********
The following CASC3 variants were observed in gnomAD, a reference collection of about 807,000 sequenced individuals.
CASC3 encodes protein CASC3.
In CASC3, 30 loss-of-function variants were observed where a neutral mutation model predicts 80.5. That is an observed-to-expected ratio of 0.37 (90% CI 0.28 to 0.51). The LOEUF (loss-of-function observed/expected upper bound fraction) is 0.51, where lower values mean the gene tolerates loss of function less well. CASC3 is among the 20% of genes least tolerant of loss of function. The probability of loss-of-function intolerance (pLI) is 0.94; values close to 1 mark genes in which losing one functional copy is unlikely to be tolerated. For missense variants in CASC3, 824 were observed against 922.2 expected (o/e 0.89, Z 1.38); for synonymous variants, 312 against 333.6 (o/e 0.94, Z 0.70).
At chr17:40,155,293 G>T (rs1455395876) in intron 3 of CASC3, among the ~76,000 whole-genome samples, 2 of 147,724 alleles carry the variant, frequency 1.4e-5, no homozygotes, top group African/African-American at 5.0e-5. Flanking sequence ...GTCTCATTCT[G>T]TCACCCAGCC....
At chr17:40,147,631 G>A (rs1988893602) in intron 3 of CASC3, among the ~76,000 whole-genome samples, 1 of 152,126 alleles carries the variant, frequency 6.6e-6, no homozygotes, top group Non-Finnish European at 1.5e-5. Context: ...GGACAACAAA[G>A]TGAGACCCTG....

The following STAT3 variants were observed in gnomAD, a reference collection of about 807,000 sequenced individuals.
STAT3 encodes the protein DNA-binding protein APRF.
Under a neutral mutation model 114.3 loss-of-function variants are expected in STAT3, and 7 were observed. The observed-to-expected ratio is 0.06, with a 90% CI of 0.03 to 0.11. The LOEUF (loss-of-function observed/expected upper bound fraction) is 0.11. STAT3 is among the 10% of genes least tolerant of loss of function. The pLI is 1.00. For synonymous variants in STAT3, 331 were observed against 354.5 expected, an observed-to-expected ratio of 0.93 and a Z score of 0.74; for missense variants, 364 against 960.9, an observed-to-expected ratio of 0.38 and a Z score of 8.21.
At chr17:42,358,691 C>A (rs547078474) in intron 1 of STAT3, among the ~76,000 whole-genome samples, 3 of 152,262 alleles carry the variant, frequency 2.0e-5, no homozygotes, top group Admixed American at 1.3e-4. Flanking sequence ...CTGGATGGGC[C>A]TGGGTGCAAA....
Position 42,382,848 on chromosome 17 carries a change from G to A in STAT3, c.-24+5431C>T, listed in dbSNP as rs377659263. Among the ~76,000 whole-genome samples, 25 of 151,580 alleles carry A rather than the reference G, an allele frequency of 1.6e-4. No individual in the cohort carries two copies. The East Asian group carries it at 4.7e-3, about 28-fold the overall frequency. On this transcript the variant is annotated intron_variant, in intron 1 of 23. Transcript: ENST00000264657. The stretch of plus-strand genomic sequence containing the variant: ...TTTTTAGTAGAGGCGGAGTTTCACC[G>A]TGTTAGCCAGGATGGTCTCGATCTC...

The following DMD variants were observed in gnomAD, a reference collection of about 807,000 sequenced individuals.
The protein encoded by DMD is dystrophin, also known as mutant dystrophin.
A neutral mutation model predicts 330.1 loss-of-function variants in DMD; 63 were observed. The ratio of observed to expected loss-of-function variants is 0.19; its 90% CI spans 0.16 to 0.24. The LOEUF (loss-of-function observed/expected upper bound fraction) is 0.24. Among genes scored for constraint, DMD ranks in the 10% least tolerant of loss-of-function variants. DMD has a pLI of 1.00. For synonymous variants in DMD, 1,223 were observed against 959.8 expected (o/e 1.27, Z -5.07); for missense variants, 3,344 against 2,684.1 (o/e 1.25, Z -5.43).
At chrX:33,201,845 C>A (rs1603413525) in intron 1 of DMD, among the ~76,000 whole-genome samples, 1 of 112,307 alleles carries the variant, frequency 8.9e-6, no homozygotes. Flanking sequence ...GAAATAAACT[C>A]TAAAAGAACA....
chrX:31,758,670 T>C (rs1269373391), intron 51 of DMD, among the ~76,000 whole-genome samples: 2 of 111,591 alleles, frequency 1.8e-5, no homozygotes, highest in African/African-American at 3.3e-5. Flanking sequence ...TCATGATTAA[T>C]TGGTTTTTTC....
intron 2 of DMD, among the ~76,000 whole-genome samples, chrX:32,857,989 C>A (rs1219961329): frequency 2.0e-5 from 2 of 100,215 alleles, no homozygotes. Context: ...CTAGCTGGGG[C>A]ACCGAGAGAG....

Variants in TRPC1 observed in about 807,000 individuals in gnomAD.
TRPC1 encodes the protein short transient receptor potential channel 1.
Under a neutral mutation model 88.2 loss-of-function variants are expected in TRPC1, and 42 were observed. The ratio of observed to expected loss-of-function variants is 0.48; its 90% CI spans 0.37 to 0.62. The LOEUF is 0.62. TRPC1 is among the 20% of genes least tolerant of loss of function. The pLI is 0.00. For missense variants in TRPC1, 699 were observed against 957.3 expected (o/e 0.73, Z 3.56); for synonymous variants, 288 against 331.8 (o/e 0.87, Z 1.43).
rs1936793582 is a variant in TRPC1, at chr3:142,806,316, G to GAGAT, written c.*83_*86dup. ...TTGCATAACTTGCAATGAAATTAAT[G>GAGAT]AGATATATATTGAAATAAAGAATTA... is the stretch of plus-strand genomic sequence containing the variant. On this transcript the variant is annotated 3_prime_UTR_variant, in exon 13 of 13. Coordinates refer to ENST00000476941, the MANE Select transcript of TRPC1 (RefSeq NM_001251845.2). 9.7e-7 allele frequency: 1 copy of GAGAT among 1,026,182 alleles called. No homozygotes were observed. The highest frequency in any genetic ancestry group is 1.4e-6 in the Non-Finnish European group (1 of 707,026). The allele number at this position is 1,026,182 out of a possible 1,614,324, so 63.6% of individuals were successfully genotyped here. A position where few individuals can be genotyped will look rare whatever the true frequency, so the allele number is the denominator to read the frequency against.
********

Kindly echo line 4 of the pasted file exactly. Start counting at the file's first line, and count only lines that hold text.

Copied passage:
At chr17:40,155,293 G>T (rs1455395876) in intron 3 of CASC3, among the ~76,000 whole-genome samples, 2 of 147,724 alleles carry the variant, frequency 1.4e-5, no homozygotes, top group African/African-American at 5.0e-5. Flanking sequence ...GTCTCATTCT[G>T]TCACCCAGCC....